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Entries in Tompkins Square (2)


Ryley Walker

Being on a record label's mailing list is not always productive, but Tompkins Square will seldom steer you wrong...

They have just drawn my attention to an imminent album from a young singer/songwriter/guitarist from Chicago called Ryley Walker. After one listen, I've placed my order.

His singing style is uncannily like that of the late, great Bert Jansch. He's a mean guitar picker. And the arrangements are great too, featuring some lovely viola (possibly the most underused instrument in rock) and a drummer who could be Pentangle's Terry Cox.

That all may sound artificial and knowingly retro, but the end product strikes me as organic and convincingly in the here and now. I'm going to enjoy getting to know it.

There's a nice video here and you can stream the whole album here.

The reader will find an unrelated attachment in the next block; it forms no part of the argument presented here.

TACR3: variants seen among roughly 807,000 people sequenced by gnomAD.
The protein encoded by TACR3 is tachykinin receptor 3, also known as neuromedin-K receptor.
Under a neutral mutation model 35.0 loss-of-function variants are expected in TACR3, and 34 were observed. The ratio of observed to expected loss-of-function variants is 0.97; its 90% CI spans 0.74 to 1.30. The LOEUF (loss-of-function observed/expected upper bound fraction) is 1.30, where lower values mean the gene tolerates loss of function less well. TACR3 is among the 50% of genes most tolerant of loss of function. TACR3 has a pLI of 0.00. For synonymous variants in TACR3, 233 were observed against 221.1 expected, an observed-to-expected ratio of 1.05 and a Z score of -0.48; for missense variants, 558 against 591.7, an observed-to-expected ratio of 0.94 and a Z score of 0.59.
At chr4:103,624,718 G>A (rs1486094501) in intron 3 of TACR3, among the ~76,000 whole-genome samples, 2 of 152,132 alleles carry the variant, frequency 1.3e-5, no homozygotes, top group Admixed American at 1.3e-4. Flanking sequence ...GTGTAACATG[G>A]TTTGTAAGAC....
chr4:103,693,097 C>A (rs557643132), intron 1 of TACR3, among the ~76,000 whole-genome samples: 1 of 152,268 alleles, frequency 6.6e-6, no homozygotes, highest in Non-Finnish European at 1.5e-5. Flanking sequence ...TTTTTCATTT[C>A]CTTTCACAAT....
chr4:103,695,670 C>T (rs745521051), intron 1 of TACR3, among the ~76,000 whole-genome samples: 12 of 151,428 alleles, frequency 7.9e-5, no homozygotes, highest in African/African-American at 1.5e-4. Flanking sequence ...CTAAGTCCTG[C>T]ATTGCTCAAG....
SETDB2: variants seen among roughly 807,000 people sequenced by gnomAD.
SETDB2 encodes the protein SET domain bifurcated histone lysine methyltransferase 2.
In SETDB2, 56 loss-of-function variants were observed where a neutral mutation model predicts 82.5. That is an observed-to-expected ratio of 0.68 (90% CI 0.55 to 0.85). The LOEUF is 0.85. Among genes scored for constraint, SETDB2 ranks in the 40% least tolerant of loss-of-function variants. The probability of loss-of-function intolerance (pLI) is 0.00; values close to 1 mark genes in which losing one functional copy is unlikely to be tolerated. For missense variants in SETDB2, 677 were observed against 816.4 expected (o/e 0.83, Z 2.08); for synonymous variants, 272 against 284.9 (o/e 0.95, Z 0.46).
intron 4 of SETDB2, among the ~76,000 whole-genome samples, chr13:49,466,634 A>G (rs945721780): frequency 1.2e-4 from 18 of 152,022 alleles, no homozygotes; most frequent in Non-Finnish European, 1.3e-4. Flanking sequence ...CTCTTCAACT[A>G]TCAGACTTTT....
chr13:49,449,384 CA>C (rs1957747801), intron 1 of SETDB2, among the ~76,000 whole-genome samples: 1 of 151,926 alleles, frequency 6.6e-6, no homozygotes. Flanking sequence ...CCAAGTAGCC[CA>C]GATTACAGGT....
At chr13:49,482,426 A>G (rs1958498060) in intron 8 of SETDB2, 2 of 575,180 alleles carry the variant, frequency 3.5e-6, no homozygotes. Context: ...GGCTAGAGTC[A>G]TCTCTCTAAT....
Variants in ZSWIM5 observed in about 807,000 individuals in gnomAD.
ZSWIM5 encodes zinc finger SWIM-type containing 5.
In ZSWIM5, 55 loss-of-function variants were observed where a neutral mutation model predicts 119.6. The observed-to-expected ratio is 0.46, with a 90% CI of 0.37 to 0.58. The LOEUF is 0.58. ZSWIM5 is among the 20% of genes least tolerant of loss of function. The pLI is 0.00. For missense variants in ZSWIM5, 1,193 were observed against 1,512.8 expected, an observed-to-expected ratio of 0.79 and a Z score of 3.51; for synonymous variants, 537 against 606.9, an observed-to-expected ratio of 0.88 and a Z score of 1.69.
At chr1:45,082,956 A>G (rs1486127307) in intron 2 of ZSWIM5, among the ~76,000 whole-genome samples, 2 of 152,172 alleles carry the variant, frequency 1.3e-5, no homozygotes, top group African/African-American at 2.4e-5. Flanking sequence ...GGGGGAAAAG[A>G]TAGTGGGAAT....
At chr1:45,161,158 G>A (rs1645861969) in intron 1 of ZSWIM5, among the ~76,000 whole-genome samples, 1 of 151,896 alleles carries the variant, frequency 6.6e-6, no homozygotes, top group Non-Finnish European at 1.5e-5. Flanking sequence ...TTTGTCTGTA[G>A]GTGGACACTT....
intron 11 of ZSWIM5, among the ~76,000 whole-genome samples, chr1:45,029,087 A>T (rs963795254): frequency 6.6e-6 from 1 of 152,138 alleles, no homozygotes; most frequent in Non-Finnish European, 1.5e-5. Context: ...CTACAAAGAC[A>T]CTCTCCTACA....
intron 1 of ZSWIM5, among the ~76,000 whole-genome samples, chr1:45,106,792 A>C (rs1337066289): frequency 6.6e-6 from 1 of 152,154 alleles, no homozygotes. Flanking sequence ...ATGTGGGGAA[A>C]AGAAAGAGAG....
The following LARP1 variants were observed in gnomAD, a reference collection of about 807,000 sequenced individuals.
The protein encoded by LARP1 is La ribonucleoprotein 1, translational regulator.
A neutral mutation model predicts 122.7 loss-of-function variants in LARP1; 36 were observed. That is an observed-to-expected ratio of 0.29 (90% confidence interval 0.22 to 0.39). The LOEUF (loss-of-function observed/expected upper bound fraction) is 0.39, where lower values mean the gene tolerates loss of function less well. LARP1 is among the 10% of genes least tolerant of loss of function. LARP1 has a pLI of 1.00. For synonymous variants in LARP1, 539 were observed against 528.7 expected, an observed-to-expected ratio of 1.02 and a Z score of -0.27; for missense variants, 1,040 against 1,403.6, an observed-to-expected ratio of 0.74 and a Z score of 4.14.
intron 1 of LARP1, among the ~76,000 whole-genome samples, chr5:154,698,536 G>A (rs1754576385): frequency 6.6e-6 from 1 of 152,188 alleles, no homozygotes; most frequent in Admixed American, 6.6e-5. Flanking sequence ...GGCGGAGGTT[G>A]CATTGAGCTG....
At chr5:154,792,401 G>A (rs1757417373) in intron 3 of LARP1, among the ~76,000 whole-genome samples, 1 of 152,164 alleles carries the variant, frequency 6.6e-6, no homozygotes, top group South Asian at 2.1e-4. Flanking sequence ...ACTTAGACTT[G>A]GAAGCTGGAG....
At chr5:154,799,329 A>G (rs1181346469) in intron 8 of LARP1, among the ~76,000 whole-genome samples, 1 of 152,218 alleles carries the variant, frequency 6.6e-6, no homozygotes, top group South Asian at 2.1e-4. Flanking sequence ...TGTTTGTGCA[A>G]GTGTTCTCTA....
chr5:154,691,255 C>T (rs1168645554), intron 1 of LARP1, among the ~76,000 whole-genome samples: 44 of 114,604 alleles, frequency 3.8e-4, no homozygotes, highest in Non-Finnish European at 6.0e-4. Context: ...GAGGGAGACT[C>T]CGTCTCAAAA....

And back to Michael Chapman...

As you know, this has been my year of getting into Michael Chapman - finally seeing him play live and catching up on his hugely impressive (and hugely enjoyable) back catalogue.

Then along comes this cherishable compilation from Tompkins Square Oh Michael, Look What You've Done...

The serendipity of a track from Two Wings was enough to persuade me to invest, even though the label apparently couldn't cope with the logistical challenge of getting a 55 minute set onto vinyl... 

There's a really interesting range of contributors doing their own thing with Michael's songs - and, often, very effectively making them their own. There are the good compilation's twin joys here of finding new artists you then want to go and find more of (for me, in particular, Hiss Golden Messenger's fiddle-n-drone and Black Twig Pickers' rootsy stomp), and hearing known, reliable quantities in new settings (step forward, Lucinda Williams and Thurston Moore). Two Wings are spot on: gorgeously themselves.

Elsewhere, 60s/70s Brit folk-rock is properly represented, through Maddy Prior, Bridget St John and Rick Kemp - though I have to say that the last, a longterm collaborator of Chapman, is the weak link here for me... Meanwhile, Meg Baird gives an amazing impression, decades adrift and on the wrong side of the pond, of being in just that category.

Essentially, there's a wealth of treasurable stuff here - and the stuff you might not treasure is certainly worthy of your interest and attention. Thoroughly recommended.